Going underwater for tour of ancient Israeli city

Daphne Singer grew up in Clayton and attends Central Reform Congregation. She will be a sophomore at Sarah Lawrence College in Bronxville, N.Y. this fall. 

By Daphne Singer, Special to the Jewish Light

CAESAREA, Israel — My family is in this beachside paradise, half an hour away from Tel Aviv. It’s warm out, the sun beating down, the water a perfect blue.

It is my first time in Israel, and this is the day I have been anticipating for months— a journey to the ancient port city of Caesarea, now an archaeological marine park.

My family has hired a tour guide, Eli. Caesarea is difficult to find if you are not from Israel, and a guide can provide additional information and context regarding your surroundings when exploring the ruins above ground.

When we arrive, we walk to the Caesarea Dive Club. My parents, Barry and Vicki Singer, sign in, while my younger brother Leo and I change into our swimsuits. We’re provided with snorkel masks and breathing tubes, as we are snorkeling and not diving.

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Underneath the surface of the water, everything is green. Even when we swim away from the algae-covered stairs, and into clearer water, the sea’s color is far more green than it appears on the coastline. 

Our snorkeling guides, Ron and Ronnie, lead us through the water, pointing out artifacts like a 250-year-old anchor, and a ship that carried Syrian Jews to Israel in the 1950s. Ron tells us that his father came to Israel on a boat just like the one in Caesarea; however, it’s not the same ship, much to his disappointment. 

Long orange rocks scatter the seafloor, ancient columns that sank with much of Caesarea centuries ago.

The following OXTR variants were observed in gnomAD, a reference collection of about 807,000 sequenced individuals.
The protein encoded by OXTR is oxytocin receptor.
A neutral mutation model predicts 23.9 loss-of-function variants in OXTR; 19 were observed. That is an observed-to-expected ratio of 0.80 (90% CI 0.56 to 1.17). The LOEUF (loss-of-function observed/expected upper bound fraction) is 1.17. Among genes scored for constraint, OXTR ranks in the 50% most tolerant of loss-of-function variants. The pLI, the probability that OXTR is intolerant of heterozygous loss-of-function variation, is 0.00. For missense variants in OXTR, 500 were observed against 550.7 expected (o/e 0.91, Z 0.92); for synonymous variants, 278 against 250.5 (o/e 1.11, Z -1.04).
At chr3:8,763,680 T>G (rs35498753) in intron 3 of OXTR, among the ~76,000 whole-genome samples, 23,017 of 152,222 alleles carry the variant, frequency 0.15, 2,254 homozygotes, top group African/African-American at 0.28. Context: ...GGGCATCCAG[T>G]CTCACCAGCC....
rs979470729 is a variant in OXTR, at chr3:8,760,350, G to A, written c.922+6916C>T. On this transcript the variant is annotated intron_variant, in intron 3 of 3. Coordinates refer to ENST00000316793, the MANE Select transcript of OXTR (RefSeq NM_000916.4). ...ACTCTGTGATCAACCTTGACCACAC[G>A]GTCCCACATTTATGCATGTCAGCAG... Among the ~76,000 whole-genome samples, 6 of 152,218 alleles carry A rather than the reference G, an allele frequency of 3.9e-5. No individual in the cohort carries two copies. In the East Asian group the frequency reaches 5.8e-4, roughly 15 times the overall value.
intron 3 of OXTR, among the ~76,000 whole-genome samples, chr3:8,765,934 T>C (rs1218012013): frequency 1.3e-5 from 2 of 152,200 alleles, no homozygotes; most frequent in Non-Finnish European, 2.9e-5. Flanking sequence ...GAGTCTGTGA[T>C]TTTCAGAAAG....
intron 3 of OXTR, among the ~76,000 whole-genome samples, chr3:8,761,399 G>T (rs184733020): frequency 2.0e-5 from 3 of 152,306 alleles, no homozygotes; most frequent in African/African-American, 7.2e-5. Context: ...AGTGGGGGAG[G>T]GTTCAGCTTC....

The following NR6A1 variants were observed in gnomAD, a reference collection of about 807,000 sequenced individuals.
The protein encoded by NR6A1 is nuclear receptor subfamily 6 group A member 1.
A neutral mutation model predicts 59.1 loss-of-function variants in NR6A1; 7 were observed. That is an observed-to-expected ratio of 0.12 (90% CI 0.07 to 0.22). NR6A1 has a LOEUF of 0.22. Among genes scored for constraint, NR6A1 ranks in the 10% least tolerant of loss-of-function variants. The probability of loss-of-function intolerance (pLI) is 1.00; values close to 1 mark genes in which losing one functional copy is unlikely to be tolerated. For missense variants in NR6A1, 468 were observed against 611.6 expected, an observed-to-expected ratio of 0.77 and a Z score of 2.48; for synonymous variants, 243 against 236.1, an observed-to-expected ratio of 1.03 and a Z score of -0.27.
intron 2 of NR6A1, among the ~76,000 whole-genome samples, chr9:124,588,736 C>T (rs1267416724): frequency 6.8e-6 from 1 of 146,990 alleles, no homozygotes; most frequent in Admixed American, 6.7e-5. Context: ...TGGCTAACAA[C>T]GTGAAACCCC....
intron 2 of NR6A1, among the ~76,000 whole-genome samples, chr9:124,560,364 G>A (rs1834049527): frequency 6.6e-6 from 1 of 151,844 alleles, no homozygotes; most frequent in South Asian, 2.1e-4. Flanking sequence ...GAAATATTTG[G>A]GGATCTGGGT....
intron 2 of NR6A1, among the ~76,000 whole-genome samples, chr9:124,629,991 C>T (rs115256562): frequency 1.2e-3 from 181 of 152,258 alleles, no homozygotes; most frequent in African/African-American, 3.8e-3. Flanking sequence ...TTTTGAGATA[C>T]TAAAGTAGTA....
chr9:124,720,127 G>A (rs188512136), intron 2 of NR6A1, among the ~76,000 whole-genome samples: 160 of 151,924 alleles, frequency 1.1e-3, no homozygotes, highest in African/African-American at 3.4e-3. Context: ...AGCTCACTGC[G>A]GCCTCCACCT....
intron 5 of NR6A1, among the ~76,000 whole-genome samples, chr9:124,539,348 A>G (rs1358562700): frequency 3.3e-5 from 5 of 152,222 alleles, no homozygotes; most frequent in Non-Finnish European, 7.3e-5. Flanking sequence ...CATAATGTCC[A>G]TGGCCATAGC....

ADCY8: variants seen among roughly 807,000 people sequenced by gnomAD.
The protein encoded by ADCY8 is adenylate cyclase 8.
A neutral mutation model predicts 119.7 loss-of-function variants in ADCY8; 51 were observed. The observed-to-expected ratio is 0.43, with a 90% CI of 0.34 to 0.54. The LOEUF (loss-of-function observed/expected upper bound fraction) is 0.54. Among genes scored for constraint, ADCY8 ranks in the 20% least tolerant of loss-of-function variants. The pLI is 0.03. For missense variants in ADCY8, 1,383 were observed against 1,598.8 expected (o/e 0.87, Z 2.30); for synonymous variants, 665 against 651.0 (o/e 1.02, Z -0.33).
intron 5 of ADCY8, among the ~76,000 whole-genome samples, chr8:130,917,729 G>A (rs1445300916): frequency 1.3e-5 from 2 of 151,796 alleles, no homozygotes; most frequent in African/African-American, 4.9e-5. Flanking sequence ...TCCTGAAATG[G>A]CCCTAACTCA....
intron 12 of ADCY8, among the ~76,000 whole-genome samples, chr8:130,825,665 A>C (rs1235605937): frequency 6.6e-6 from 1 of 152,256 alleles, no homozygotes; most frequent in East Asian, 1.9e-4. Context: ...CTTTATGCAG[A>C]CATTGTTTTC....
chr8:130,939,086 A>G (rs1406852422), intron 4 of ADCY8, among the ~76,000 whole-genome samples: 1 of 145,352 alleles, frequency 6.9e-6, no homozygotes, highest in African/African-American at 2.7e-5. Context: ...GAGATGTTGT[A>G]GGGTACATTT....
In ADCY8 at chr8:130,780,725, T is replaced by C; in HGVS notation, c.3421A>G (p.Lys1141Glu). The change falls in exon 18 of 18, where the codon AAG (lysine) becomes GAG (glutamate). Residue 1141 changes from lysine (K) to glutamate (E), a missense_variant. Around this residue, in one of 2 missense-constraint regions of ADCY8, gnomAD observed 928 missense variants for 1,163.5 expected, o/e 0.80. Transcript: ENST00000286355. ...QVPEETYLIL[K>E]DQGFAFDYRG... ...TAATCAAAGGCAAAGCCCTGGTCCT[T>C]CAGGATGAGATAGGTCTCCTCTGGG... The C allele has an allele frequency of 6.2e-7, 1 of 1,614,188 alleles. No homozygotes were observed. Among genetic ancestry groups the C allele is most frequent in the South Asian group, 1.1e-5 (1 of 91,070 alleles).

We are told that there is not as much to see snorkeling as there is when deep underwater with scuba equipment. Scuba divers are able to get to the deeper ruins, seeing more building remnants, pottery and for a few lucky divers in 2015 — ancient gold coins. While snorkeling I see what I think is an old pot— it’s actually a plastic water bottle covered in sand.

After what feels like 10 minutes but is closer to an hour, the tour is done, and we rinse off in the Dive Club’s showers before reuniting with Eli. While we didn’t see much of the underwater ruins of the city, large portions of Caesarea are still above land.

Roman baths are scattered throughout the city. The first ones we come across have detailed pictorial mosaics. A man with a flute, a ram, a rooster, and leopard, among other figures, decorate the bath floor. Eli explains that this particular bath was constructed after King Herod’s reign, “because it has images.” Depicting foreign gods is idolatry, as stated in Exodus 20:4 “You shall not make for yourself a graven image or any likeness which is in the heavens above, which is on the earth below, or which is in the water beneath the earth.” Following halakha (Jewish law), “Herod wouldn’t do images”, Eli says.

A long strip of deep boxes run parallel to the tide, with additional ones marking their beginning. Along the track is an abstract metal sculpture of a chariot and horses. This was once where chariot races took place. Wealthy Judeans and Romans would watch the spectacle from the stone boxes. Directly behind the boxes is a dark stone archway. It’s interior is blocked off, but Eli tells us that it once was the entrance to a pub, for spectators to go after a race for wine and socialization.

“What’s the difference between beer and piss? Five minutes,” Eli says, laughing and pointing to an open platform next to the pub. Two long indentations run along the front, where in ancient times water would flow down the two streams. The stream furthest from the edge of the platform was used as a toilet, the other a bidet. “Now we’d say oish,” Eli says, “but it’s how they lived.”

We walk along the coast to the main bathhouse. Even though signs say no swimming (as there is no lifeguard), some people splash in the water at the shoreline. In comparison to the rest of the ruins, the bathhouse is not a crumbling, sand-colored structure, but a bright white marble marvel. 

As ancient Judea under the rule of King Herod was part of the Roman Empire, the centralized bathhouse was the focal point of ancient Caesarean life. Tall marble pillars have been returned to their original upright positions, pointing towards the gorgeous sea. It’s also where our tour ends. 

There are other sights in Caesarea, notably the theater, which still hosts shows and events. Perhaps I will come back one day and see a play here. But not today. I have been in the sun too long.

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